Hester: Money has been printed to fund the deficit

Laura Kuenssberg

Former Business Editor

51-year-old Stephen Hester became RBS Chief Executive in 2008, taking over from Fred Goodwin. Credit: REUTERS/Stefan Wermuth

One of the most intriguing things Stephen Hester told me today is what he thinks of the Bank of England's programme of printing money.

We're used to hearing an explanation of how it works from the bank and from the government.

It has been sold to us as an attempt to get the banks to lend out cash to keep the economy afloat.

But the boss of the bank who lends more than any other to businesses in this country - and not nearly enough by many people's accounts - views the programme of printing cash rather differently.

In very simple terms he thinks the Bank has printed money to finance the deficit. This is what he had to say:

“What the Bank of England does in quantitative easing is it prints money to buy government debt, and so what has happened is the government has run a huge deficit over the past three years, but instead of having to find other people to lend it that money, the Bank of England has printed money to pay for the government deficit.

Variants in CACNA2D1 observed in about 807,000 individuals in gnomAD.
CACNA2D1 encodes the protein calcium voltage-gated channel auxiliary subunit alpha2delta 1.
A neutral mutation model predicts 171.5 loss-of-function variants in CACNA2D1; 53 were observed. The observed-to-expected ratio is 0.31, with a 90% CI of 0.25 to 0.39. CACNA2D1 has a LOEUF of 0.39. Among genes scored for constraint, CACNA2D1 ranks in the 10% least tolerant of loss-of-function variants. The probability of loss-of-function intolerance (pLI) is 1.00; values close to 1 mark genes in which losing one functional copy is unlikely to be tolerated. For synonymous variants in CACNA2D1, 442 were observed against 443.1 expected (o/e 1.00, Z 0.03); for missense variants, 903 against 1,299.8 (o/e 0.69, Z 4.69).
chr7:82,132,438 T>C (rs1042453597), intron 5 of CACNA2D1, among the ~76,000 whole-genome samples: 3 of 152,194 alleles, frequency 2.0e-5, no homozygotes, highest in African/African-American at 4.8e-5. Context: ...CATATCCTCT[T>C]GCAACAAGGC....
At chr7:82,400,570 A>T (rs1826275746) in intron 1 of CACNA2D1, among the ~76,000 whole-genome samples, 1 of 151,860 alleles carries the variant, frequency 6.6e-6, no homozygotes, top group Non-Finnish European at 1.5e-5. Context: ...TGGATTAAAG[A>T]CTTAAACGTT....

"If that QE hadn't happened then the government would have needed to find real people to buy its debt.

"So the Quantitative Easing has enabled governments, this government, to run a big budget deficit without killing the economy because the Bank of England has financed it.

"Now you can't do that for long because people get wise to it and it causes inflation and so on, but that's what it has done: money has been printed to fund the deficit."

Lots more to come from Hester in my reports later on ITV News.